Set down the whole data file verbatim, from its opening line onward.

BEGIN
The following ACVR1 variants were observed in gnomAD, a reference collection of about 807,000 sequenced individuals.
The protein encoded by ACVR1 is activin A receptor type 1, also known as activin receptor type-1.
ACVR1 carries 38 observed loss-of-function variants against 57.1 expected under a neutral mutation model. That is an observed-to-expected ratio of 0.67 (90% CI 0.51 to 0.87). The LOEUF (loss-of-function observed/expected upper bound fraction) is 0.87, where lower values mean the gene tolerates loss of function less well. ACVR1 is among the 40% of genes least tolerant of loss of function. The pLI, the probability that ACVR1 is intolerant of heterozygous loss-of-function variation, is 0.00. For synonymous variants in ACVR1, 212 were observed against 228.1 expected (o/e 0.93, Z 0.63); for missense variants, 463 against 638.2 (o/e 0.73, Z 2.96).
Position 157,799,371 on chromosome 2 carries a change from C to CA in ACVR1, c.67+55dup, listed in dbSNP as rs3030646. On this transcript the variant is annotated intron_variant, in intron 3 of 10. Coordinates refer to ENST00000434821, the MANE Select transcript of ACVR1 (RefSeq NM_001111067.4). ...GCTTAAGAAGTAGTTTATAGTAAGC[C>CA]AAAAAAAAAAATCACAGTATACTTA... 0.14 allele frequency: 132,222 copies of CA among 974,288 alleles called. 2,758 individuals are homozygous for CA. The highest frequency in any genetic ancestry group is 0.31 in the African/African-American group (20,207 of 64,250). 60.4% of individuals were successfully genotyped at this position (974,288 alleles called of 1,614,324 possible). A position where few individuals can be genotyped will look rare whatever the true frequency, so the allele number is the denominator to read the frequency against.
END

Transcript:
The following ACVR1 variants were observed in gnomAD, a reference collection of about 807,000 sequenced individuals.
The protein encoded by ACVR1 is activin A receptor type 1, also known as activin receptor type-1.
ACVR1 carries 38 observed loss-of-function variants against 57.1 expected under a neutral mutation model. That is an observed-to-expected ratio of 0.67 (90% CI 0.51 to 0.87). The LOEUF (loss-of-function observed/expected upper bound fraction) is 0.87, where lower values mean the gene tolerates loss of function less well. ACVR1 is among the 40% of genes least tolerant of loss of function. The pLI, the probability that ACVR1 is intolerant of heterozygous loss-of-function variation, is 0.00. For synonymous variants in ACVR1, 212 were observed against 228.1 expected (o/e 0.93, Z 0.63); for missense variants, 463 against 638.2 (o/e 0.73, Z 2.96).
Position 157,799,371 on chromosome 2 carries a change from C to CA in ACVR1, c.67+55dup, listed in dbSNP as rs3030646. On this transcript the variant is annotated intron_variant, in intron 3 of 10. Coordinates refer to ENST00000434821, the MANE Select transcript of ACVR1 (RefSeq NM_001111067.4). ...GCTTAAGAAGTAGTTTATAGTAAGC[C>CA]AAAAAAAAAAATCACAGTATACTTA... 0.14 allele frequency: 132,222 copies of CA among 974,288 alleles called. 2,758 individuals are homozygous for CA. The highest frequency in any genetic ancestry group is 0.31 in the African/African-American group (20,207 of 64,250). 60.4% of individuals were successfully genotyped at this position (974,288 alleles called of 1,614,324 possible). A position where few individuals can be genotyped will look rare whatever the true frequency, so the allele number is the denominator to read the frequency against.